IN ORDER OF DISAPPEARANCE

PrintE-mail Written by Ryan Pollard

DVD REVIEW: IN ORDER OF DISAPPEARANCE / CERT: 15 / DIRECTOR: HANS PETTER MOLAND / SCREENPLAY: KIM FUPZ AAKESON / STARRING: STELLAN SKARSGARD, KRISTOFER HIVJU, BIRGITTE HJORT SORENSEN, PAL SVERRE HAGEN, BRUNO GANZ / RELEASE DATE: FEBRUARY 2ND

Stellan Skarsgård is Nils Dickman, a stoical Swedish snowplough driver working in Norway who wins a “Citizen of the Year” award (“You’re the most Norwegian person around without actually being Norwegian”) before drug dealers kill his son. He then embarks on a shambolic killing spree, working his way up through the ranks of this drug organisation in order to get to the bottom of this terrible tragedy. All this has makings of an angsty revenge thriller steeped in nihilism, especially with its mournful chiming score and recurrent end-of-scene slo-mo techniques. However, the tone is surprisingly more absurdist, as this snowblinded black comedy is essentially a Scandi-noir becoming Scandi-blanc.

At the centre of the film is Skarsgård’s performance, and he brilliantly does what can only be described as a deadpan hangdog performance. The whole film takes place in this snowbound area with a lot of bright glaring colours, and a lot of people have made the comparison with the Coen Brothers’ work, especially Fargo to some extent, as well as the work of Quentin Tarantino with the gangster characters talking to each other about stuff that seems incidental whilst being involved in acts of strange violence.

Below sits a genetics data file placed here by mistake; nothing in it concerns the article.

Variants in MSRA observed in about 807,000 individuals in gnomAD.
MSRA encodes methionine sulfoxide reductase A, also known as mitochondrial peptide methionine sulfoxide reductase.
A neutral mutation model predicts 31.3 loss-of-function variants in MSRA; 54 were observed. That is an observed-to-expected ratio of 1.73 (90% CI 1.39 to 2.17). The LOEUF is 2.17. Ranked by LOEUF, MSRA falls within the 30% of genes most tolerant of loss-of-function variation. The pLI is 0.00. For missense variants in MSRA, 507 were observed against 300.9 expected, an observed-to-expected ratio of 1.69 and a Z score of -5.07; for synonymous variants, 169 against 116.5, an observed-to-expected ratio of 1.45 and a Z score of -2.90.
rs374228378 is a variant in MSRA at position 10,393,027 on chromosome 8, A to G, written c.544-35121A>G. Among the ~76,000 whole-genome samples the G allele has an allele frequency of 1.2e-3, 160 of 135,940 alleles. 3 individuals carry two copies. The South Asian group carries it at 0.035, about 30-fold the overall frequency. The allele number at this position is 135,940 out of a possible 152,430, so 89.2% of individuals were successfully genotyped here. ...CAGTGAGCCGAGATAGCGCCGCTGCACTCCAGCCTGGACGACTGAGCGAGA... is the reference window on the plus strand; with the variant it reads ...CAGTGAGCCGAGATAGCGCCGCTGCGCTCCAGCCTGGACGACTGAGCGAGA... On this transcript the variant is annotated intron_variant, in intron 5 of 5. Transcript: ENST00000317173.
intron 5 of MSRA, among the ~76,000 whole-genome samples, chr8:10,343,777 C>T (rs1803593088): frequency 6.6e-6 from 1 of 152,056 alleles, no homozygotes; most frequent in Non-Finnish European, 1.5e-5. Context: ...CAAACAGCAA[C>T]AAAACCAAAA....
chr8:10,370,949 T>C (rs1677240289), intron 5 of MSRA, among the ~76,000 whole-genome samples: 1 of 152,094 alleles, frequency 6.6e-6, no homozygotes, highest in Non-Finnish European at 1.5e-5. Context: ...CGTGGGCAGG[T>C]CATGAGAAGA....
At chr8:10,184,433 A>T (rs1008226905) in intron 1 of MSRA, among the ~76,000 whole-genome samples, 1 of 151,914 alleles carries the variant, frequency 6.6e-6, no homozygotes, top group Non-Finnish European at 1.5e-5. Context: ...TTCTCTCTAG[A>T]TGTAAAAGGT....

The original Norwegian title Kraftidioten (“the prize idiot”) tells you more about the tone of the film than the English-language title does, because as the body count mounts up, the deaths and disappearances becoming more and more absurdist and insane. The film definitely has a blackly comic tone to it, which is juxtaposed against this white landscape. It’s sort of a satirical, wry, somewhat darkly morbid take on the traditional Death Wish formula, with Skarsgård stepping into Charles Bronson’s shoes. Skarsgård does have a fantastic frostiness to his performance and it’s his personality that perfectly embodies the personality of the film itself, which is resolutely Scandinavian.

Overall, In Order of Disappearance is an odd movie that is darkly comic and morbidly funny, if ultimately incidental in the end. But it is good fun while it’s there, even if it’s in a sick, twisted and rather wicked way.

Special Features: TBC
 

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